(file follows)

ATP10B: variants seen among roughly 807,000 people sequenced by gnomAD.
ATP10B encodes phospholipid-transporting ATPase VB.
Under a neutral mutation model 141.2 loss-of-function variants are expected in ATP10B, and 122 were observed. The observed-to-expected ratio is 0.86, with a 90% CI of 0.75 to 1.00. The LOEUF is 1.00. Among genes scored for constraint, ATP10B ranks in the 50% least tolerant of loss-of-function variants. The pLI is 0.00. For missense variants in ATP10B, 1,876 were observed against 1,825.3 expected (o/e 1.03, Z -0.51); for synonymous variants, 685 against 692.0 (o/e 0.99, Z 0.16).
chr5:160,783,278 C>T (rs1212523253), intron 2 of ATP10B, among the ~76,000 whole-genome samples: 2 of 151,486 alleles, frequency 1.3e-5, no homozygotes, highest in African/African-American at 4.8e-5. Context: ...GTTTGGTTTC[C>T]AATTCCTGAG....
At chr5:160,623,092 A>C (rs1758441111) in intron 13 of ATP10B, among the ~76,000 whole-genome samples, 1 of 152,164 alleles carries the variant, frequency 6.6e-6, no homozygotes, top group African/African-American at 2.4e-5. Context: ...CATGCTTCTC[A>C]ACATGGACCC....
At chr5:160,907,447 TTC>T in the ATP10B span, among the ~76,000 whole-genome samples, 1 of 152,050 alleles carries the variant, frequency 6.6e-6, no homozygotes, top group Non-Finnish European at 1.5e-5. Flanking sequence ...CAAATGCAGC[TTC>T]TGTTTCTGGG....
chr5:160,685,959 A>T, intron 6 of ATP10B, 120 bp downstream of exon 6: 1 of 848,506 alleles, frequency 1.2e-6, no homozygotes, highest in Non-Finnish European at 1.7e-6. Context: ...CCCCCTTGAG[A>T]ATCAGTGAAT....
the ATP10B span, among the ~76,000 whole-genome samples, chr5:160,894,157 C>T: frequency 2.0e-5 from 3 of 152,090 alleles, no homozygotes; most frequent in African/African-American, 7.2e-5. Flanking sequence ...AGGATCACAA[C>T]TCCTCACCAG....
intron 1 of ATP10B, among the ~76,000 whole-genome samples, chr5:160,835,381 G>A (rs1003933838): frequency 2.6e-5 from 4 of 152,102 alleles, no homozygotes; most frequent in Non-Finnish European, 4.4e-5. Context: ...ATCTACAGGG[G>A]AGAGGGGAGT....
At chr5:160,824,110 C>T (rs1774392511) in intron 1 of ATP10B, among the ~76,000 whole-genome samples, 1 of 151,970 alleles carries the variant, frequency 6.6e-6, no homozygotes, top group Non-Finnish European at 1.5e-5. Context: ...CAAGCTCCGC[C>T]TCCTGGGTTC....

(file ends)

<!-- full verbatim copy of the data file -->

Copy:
ATP10B: variants seen among roughly 807,000 people sequenced by gnomAD.
ATP10B encodes phospholipid-transporting ATPase VB.
Under a neutral mutation model 141.2 loss-of-function variants are expected in ATP10B, and 122 were observed. The observed-to-expected ratio is 0.86, with a 90% CI of 0.75 to 1.00. The LOEUF is 1.00. Among genes scored for constraint, ATP10B ranks in the 50% least tolerant of loss-of-function variants. The pLI is 0.00. For missense variants in ATP10B, 1,876 were observed against 1,825.3 expected (o/e 1.03, Z -0.51); for synonymous variants, 685 against 692.0 (o/e 0.99, Z 0.16).
chr5:160,783,278 C>T (rs1212523253), intron 2 of ATP10B, among the ~76,000 whole-genome samples: 2 of 151,486 alleles, frequency 1.3e-5, no homozygotes, highest in African/African-American at 4.8e-5. Context: ...GTTTGGTTTC[C>T]AATTCCTGAG....
At chr5:160,623,092 A>C (rs1758441111) in intron 13 of ATP10B, among the ~76,000 whole-genome samples, 1 of 152,164 alleles carries the variant, frequency 6.6e-6, no homozygotes, top group African/African-American at 2.4e-5. Context: ...CATGCTTCTC[A>C]ACATGGACCC....
At chr5:160,907,447 TTC>T in the ATP10B span, among the ~76,000 whole-genome samples, 1 of 152,050 alleles carries the variant, frequency 6.6e-6, no homozygotes, top group Non-Finnish European at 1.5e-5. Flanking sequence ...CAAATGCAGC[TTC>T]TGTTTCTGGG....
chr5:160,685,959 A>T, intron 6 of ATP10B, 120 bp downstream of exon 6: 1 of 848,506 alleles, frequency 1.2e-6, no homozygotes, highest in Non-Finnish European at 1.7e-6. Context: ...CCCCCTTGAG[A>T]ATCAGTGAAT....
the ATP10B span, among the ~76,000 whole-genome samples, chr5:160,894,157 C>T: frequency 2.0e-5 from 3 of 152,090 alleles, no homozygotes; most frequent in African/African-American, 7.2e-5. Flanking sequence ...AGGATCACAA[C>T]TCCTCACCAG....
intron 1 of ATP10B, among the ~76,000 whole-genome samples, chr5:160,835,381 G>A (rs1003933838): frequency 2.6e-5 from 4 of 152,102 alleles, no homozygotes; most frequent in Non-Finnish European, 4.4e-5. Context: ...ATCTACAGGG[G>A]AGAGGGGAGT....
At chr5:160,824,110 C>T (rs1774392511) in intron 1 of ATP10B, among the ~76,000 whole-genome samples, 1 of 151,970 alleles carries the variant, frequency 6.6e-6, no homozygotes, top group Non-Finnish European at 1.5e-5. Context: ...CAAGCTCCGC[C>T]TCCTGGGTTC....